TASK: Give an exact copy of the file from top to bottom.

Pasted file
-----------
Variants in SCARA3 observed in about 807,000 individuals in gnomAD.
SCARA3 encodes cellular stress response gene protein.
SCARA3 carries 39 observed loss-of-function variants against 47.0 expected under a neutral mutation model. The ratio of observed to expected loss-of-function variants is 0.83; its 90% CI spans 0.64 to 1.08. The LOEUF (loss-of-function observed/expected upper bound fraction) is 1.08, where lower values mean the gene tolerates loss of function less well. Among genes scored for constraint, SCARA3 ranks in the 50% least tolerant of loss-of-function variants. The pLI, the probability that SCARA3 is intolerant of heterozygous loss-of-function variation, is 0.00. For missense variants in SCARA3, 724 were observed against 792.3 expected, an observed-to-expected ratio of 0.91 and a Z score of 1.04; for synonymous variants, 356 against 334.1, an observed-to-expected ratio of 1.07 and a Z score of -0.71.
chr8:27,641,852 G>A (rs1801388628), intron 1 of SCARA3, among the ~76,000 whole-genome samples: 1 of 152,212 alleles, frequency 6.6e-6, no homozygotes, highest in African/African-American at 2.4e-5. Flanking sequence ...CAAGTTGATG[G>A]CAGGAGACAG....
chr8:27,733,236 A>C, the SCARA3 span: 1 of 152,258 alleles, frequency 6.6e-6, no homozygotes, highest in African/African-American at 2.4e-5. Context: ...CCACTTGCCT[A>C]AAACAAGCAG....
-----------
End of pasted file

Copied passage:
Variants in SCARA3 observed in about 807,000 individuals in gnomAD.
SCARA3 encodes cellular stress response gene protein.
SCARA3 carries 39 observed loss-of-function variants against 47.0 expected under a neutral mutation model. The ratio of observed to expected loss-of-function variants is 0.83; its 90% CI spans 0.64 to 1.08. The LOEUF (loss-of-function observed/expected upper bound fraction) is 1.08, where lower values mean the gene tolerates loss of function less well. Among genes scored for constraint, SCARA3 ranks in the 50% least tolerant of loss-of-function variants. The pLI, the probability that SCARA3 is intolerant of heterozygous loss-of-function variation, is 0.00. For missense variants in SCARA3, 724 were observed against 792.3 expected, an observed-to-expected ratio of 0.91 and a Z score of 1.04; for synonymous variants, 356 against 334.1, an observed-to-expected ratio of 1.07 and a Z score of -0.71.
chr8:27,641,852 G>A (rs1801388628), intron 1 of SCARA3, among the ~76,000 whole-genome samples: 1 of 152,212 alleles, frequency 6.6e-6, no homozygotes, highest in African/African-American at 2.4e-5. Flanking sequence ...CAAGTTGATG[G>A]CAGGAGACAG....
chr8:27,733,236 A>C, the SCARA3 span: 1 of 152,258 alleles, frequency 6.6e-6, no homozygotes, highest in African/African-American at 2.4e-5. Context: ...CCACTTGCCT[A>C]AAACAAGCAG....